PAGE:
Out of all of the figures comprising wave 3 of the Star Wars Vintage Collection by Hasbro, the Gamorrean Guard was right at the top spot of my list.
For starters, this Gamorrean boar is massive; There is no doubt in my mind that the plastic Hasbro might have saved from making Wicket was ultimately used for making this guy. Secondly, the boar is phenomenally detailed and comes with three of the weapons we see these guards use in the movie.
However, this figure isn’t without some issues. First off, let’s talk about the more obvious, the plush skirt. I know that in between the prototype and production phase things can get tweaked and the end result may differ greatly from what was shown initially, but I feel the figure shown at SDCC last year without the skirt looked just great. The production-run figure keeps the same base body, but the skirt is way too fluffy and is cut a bit too long.
With that out of the way, let’s now discuss the sculpture. This is, hands down, the first ever figure produced by Hasbro that nails down the look of the Gamorrean Guard costumes used for the film. Both the Kenner vintage and the Power of the Force versions were good for their time, but neither of those really looked like the thugs at Jabba’s Palace. The Kenner one was rather stylized, and the POTF and Saga era versions looked a bit too fit (or fitter, at any rate).
Barring the skirt, this one looks exactly like a Gamorrean Guard should, which also poses some problems. Figures this bulky are notoriously difficult to articulate in a way that is inconspicuous and fully functional.
Compromises need to be made but still the Gamorrean Guard ended up with the full super articulated treatment:
▪ Peg & hinge shoulders.
▪ Peg & hinge elbows.
▪ Swivel wrists.
▪ Swivel waist.
▪ Swivel hips.
▪ Peg & hinge knees.
▪ Peg & hinge ankles.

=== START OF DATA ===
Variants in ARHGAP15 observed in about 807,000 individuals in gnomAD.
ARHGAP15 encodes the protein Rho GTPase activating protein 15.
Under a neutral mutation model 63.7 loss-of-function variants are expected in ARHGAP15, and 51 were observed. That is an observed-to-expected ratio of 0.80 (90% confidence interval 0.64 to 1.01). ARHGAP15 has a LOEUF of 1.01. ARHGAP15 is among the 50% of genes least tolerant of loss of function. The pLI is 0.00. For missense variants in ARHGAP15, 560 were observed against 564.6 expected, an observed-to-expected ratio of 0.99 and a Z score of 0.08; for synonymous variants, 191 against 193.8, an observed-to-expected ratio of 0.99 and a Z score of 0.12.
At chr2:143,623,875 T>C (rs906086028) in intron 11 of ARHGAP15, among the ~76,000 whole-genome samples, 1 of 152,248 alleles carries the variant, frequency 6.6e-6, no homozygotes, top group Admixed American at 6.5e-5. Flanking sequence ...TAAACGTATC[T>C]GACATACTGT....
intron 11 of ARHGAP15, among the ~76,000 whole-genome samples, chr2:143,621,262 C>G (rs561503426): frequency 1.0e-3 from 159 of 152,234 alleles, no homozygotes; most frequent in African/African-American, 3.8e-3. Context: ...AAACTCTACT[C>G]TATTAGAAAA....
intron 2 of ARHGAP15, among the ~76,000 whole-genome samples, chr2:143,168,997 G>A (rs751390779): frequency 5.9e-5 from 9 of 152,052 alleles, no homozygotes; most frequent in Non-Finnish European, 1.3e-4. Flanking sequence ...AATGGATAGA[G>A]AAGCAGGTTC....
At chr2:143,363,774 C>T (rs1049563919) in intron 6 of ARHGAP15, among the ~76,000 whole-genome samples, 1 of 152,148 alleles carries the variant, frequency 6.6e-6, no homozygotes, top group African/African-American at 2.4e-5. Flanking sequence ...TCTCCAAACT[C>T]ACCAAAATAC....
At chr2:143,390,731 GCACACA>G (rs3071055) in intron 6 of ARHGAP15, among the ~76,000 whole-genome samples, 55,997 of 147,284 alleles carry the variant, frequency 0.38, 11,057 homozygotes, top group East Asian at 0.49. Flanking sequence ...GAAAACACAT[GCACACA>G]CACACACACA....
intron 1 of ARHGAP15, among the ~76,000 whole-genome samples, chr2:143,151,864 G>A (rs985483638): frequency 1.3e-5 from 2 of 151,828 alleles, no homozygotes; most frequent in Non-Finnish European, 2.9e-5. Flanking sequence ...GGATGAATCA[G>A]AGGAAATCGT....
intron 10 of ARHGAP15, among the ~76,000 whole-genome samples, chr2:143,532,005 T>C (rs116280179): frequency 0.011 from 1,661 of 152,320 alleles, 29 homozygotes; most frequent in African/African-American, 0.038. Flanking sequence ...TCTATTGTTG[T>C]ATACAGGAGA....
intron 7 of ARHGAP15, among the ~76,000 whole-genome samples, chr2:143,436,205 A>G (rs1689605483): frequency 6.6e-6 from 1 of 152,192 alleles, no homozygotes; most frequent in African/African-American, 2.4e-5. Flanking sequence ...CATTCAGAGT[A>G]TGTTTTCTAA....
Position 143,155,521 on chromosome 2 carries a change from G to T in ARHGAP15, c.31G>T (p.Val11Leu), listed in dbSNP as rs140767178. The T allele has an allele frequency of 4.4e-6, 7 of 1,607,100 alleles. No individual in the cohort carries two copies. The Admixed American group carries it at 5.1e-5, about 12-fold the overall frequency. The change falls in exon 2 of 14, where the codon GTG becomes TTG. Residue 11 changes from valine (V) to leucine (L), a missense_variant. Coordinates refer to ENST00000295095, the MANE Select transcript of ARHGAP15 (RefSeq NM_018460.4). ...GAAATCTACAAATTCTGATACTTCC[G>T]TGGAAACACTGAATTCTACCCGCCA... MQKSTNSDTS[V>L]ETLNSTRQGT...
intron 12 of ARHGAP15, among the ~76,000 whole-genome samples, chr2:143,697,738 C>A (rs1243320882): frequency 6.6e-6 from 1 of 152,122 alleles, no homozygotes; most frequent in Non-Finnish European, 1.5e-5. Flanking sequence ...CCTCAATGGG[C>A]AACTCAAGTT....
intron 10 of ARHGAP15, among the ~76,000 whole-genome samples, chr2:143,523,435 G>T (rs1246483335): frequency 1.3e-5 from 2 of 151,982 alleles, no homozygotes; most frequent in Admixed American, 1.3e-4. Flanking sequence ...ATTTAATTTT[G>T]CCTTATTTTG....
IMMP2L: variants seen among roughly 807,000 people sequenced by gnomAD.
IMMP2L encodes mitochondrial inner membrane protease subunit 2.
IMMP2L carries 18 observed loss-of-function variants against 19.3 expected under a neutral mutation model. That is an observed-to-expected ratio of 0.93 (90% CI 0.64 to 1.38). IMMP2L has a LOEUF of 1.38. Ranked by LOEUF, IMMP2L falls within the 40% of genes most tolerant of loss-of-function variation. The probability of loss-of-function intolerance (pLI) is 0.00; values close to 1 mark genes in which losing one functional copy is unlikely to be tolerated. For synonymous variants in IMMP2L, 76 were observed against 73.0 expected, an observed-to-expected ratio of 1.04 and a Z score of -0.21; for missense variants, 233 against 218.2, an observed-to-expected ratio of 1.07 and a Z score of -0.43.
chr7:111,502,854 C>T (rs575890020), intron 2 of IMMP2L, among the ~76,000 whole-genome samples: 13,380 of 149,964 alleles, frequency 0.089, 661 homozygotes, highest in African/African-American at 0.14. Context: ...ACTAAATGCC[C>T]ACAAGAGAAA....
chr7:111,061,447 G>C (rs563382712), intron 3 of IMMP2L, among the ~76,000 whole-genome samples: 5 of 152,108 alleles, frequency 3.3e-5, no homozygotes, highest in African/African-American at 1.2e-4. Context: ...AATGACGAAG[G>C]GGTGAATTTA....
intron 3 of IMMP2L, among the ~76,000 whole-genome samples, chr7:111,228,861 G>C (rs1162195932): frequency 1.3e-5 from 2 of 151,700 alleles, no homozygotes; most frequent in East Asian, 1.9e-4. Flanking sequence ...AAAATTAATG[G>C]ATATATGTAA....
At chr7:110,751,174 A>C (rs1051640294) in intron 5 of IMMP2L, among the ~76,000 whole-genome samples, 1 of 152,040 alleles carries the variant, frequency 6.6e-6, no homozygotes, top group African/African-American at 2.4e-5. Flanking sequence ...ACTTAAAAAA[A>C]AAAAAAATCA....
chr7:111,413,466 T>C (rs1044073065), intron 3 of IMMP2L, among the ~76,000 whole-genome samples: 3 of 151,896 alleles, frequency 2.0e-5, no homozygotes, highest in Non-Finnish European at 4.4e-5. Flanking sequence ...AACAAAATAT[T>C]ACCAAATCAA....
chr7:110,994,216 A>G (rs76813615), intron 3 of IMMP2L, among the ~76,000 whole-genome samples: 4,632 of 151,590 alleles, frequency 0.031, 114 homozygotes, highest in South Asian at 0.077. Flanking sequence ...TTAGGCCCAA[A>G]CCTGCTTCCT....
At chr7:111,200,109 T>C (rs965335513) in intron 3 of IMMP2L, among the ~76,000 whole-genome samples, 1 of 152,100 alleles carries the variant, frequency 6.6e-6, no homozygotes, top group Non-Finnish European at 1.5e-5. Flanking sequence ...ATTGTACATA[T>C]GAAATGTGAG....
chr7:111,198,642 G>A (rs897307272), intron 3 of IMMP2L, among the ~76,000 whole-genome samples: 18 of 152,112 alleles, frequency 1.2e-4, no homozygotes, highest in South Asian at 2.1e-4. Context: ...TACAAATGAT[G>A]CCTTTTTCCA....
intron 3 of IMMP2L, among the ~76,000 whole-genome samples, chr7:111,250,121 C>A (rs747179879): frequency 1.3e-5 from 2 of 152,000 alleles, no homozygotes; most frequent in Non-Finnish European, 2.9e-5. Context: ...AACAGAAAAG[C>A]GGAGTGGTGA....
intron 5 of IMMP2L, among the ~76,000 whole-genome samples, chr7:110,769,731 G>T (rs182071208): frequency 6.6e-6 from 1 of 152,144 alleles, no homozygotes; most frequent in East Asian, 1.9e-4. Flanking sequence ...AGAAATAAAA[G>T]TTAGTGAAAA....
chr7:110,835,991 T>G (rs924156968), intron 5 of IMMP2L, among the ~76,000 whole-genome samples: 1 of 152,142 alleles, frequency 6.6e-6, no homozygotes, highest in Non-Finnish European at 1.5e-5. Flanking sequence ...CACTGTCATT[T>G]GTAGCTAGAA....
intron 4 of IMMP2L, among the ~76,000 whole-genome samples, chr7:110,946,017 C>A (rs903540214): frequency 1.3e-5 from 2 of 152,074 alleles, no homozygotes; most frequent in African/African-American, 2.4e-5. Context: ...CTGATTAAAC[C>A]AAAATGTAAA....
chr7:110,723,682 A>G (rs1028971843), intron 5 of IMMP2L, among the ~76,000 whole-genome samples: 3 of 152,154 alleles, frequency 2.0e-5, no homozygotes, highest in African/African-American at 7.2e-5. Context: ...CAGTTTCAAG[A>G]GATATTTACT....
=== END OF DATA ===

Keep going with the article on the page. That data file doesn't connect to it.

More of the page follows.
The shoulder hinges are reduced to function as simple swivel joints because the pauldron design practically negates lateral movement. The hips also have a rather limited range, but considering these guys won’t even fit in vehicles due to their size, giving them the ability to sit down would be rather pointless.
A good part of the success in portraying the Gamorrean Guard at this scale comes from the paint applications in the face. While most of the body doesn’t have complex deco operations, the Gamorrean has very subtle color gradients on the snout and around the eyes that really bring life to the character. The ruddy paint used on the snout also has a glossy finish that effectively conveys the drooling wetness of the boar’s face.
The Gamorrean Guard comes with two axes and a force pike. The axes replicate those that came with the previous versions of the figure, but the pike is offered here for the first time. Each weapon is molded from silver plastic and decorated with brown to simulate the wooden shafts and a paint wash to convey rust.
Apart from the weapons, the other accessory included is a removable skullcap. The piece is rather loose, but doesn’t fly off Piggy’s head any more easily than, say, the last Vader’s helmet, so I say it’s good.
Within the constraints set by the character design, I think the new Gamorrean Guard is pretty much the definitive version and one I am glad to have in my collection.